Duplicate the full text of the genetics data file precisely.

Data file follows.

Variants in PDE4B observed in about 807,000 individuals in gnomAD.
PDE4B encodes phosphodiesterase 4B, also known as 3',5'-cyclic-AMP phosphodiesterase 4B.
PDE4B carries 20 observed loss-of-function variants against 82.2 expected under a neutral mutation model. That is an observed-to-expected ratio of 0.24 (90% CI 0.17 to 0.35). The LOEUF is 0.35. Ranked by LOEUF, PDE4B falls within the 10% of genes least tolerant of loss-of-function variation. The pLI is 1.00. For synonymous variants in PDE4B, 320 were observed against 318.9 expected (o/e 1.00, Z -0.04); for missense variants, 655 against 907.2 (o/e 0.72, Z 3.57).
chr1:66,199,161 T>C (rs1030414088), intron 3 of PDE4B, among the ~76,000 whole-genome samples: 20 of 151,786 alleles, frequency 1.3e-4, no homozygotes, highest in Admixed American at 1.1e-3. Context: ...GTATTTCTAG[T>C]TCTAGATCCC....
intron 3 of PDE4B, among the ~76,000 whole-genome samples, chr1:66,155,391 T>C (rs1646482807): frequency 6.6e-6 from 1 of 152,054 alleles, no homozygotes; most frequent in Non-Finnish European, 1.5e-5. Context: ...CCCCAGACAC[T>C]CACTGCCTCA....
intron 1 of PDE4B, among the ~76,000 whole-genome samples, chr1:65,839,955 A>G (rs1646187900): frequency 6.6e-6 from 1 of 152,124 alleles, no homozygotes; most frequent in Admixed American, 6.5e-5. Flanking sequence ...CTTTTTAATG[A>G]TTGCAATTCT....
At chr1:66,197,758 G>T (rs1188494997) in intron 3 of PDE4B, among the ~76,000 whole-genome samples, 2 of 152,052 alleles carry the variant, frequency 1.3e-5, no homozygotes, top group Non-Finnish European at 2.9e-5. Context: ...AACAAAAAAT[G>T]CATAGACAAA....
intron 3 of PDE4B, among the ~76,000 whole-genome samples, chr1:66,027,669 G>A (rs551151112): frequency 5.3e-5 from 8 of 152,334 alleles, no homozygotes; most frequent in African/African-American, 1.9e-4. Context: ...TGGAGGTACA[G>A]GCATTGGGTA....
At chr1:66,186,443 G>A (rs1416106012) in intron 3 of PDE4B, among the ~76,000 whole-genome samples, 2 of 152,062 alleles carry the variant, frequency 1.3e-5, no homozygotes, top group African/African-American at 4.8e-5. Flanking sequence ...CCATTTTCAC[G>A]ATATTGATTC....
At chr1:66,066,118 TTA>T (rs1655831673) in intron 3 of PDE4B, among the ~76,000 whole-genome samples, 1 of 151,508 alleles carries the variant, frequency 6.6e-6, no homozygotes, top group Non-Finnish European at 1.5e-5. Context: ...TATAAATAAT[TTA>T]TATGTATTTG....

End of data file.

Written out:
Variants in PDE4B observed in about 807,000 individuals in gnomAD.
PDE4B encodes phosphodiesterase 4B, also known as 3',5'-cyclic-AMP phosphodiesterase 4B.
PDE4B carries 20 observed loss-of-function variants against 82.2 expected under a neutral mutation model. That is an observed-to-expected ratio of 0.24 (90% CI 0.17 to 0.35). The LOEUF is 0.35. Ranked by LOEUF, PDE4B falls within the 10% of genes least tolerant of loss-of-function variation. The pLI is 1.00. For synonymous variants in PDE4B, 320 were observed against 318.9 expected (o/e 1.00, Z -0.04); for missense variants, 655 against 907.2 (o/e 0.72, Z 3.57).
chr1:66,199,161 T>C (rs1030414088), intron 3 of PDE4B, among the ~76,000 whole-genome samples: 20 of 151,786 alleles, frequency 1.3e-4, no homozygotes, highest in Admixed American at 1.1e-3. Context: ...GTATTTCTAG[T>C]TCTAGATCCC....
intron 3 of PDE4B, among the ~76,000 whole-genome samples, chr1:66,155,391 T>C (rs1646482807): frequency 6.6e-6 from 1 of 152,054 alleles, no homozygotes; most frequent in Non-Finnish European, 1.5e-5. Context: ...CCCCAGACAC[T>C]CACTGCCTCA....
intron 1 of PDE4B, among the ~76,000 whole-genome samples, chr1:65,839,955 A>G (rs1646187900): frequency 6.6e-6 from 1 of 152,124 alleles, no homozygotes; most frequent in Admixed American, 6.5e-5. Flanking sequence ...CTTTTTAATG[A>G]TTGCAATTCT....
At chr1:66,197,758 G>T (rs1188494997) in intron 3 of PDE4B, among the ~76,000 whole-genome samples, 2 of 152,052 alleles carry the variant, frequency 1.3e-5, no homozygotes, top group Non-Finnish European at 2.9e-5. Context: ...AACAAAAAAT[G>T]CATAGACAAA....
intron 3 of PDE4B, among the ~76,000 whole-genome samples, chr1:66,027,669 G>A (rs551151112): frequency 5.3e-5 from 8 of 152,334 alleles, no homozygotes; most frequent in African/African-American, 1.9e-4. Context: ...TGGAGGTACA[G>A]GCATTGGGTA....
At chr1:66,186,443 G>A (rs1416106012) in intron 3 of PDE4B, among the ~76,000 whole-genome samples, 2 of 152,062 alleles carry the variant, frequency 1.3e-5, no homozygotes, top group African/African-American at 4.8e-5. Flanking sequence ...CCATTTTCAC[G>A]ATATTGATTC....
At chr1:66,066,118 TTA>T (rs1655831673) in intron 3 of PDE4B, among the ~76,000 whole-genome samples, 1 of 151,508 alleles carries the variant, frequency 6.6e-6, no homozygotes, top group Non-Finnish European at 1.5e-5. Context: ...TATAAATAAT[TTA>T]TATGTATTTG....